Your glutes are some of the biggest supporters of your low back. Often times,  using a companion muscle can help ease the demand, or stress to the low back muscles after injuries. There are two different types of glute activation exercises that should be comfortable and safe in giving your back some support.

 

How To Prevent Overuse Injuries At Work

The second most common injury at work  is typically a repetitive stress injury. If you work on a computer, or are scanning groceries throughout your day, these repetitive movements  can lead to an overuse injury. That’s right, you can get tennis elbow without even playing tennis! Since this type of irritation is usually from recurring strain, it won’t come as a surprise to hear that strengthening is your best injury prevention. By exposing your tissues to these movements, your structures are able to  build a tolerance to it and won’t become overloaded. Exercise is controlled stress! That being said, often times hand/wrist/elbow tissues can get cranky, so relative rest and lighter loads, or even just muscle activation are needed to start.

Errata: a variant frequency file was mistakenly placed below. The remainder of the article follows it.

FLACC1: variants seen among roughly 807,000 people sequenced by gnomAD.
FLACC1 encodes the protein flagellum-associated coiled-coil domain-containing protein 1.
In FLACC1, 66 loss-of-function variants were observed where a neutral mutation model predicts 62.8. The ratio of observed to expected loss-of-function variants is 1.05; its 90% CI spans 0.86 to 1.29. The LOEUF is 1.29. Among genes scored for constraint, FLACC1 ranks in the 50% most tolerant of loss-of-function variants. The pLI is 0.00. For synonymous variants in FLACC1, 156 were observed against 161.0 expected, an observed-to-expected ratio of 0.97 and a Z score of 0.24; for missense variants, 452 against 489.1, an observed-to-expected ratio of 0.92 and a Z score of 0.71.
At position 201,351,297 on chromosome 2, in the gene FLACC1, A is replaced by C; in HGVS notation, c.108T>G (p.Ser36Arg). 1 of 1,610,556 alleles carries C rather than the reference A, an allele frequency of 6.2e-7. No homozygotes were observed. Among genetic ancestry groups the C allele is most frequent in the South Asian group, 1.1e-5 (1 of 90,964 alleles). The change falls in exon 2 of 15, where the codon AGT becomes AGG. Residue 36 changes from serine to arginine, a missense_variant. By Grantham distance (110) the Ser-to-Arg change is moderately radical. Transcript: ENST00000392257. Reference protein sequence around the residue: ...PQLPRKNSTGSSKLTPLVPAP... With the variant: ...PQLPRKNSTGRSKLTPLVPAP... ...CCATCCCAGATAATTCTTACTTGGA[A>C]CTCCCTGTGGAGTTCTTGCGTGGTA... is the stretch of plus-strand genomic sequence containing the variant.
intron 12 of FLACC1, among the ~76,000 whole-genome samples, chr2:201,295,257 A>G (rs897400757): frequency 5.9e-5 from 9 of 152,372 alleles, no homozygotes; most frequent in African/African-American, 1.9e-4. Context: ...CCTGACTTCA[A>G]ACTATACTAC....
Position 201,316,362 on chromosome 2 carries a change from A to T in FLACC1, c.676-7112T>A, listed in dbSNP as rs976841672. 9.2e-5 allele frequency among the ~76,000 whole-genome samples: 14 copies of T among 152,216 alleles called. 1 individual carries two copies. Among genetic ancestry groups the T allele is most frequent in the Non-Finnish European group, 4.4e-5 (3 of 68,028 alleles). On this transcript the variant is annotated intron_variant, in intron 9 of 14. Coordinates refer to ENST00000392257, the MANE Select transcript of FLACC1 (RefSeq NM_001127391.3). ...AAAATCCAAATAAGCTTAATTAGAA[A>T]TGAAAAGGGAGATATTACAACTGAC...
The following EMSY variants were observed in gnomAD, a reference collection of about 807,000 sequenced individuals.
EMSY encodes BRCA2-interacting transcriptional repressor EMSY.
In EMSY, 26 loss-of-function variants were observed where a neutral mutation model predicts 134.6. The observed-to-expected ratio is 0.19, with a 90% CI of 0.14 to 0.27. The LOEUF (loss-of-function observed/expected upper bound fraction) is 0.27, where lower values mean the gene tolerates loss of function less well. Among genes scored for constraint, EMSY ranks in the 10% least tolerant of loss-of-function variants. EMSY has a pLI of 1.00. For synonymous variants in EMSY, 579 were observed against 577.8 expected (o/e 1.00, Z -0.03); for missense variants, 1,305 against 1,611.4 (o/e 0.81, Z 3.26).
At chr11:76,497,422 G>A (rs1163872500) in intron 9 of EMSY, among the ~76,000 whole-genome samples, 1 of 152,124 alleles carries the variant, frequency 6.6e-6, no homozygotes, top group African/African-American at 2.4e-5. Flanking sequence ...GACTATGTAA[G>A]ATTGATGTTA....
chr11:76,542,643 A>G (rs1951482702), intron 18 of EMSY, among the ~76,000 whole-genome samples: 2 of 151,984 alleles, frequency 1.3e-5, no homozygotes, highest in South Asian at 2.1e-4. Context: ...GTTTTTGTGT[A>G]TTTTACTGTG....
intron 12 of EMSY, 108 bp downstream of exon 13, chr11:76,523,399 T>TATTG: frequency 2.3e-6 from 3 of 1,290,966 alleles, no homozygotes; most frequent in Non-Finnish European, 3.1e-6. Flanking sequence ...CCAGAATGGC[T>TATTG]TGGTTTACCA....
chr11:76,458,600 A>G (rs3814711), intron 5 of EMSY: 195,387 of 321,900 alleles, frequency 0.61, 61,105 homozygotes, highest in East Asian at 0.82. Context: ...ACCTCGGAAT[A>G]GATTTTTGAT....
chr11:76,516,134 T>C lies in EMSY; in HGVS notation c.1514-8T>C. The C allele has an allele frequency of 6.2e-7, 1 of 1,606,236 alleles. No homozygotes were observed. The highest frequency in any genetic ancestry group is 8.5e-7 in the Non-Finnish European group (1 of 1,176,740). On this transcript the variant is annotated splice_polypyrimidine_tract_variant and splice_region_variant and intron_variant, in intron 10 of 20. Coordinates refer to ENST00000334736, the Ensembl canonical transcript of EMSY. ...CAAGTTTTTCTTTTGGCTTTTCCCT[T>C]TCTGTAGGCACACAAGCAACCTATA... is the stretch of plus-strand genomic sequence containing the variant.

Here is the scoop on the injury prevention side: Movement is medicine, so making sure you are changing positions often and trying to identify what specific movements you’re doing frequently and how they influence pain. From a strengthening perspective, challenging the stability of your wrist and hand can increase the capacity for those muscles to support your hand in repetitive movements.

Here is a great preventative exercise that you can use light weights with and still challenge your control-

 

Bottoms up KB Press:

Using the kettlebell bottoms up requires some grip strength and stability! It’s harder than it looks.

 

Wrist isometrics/eccentrics: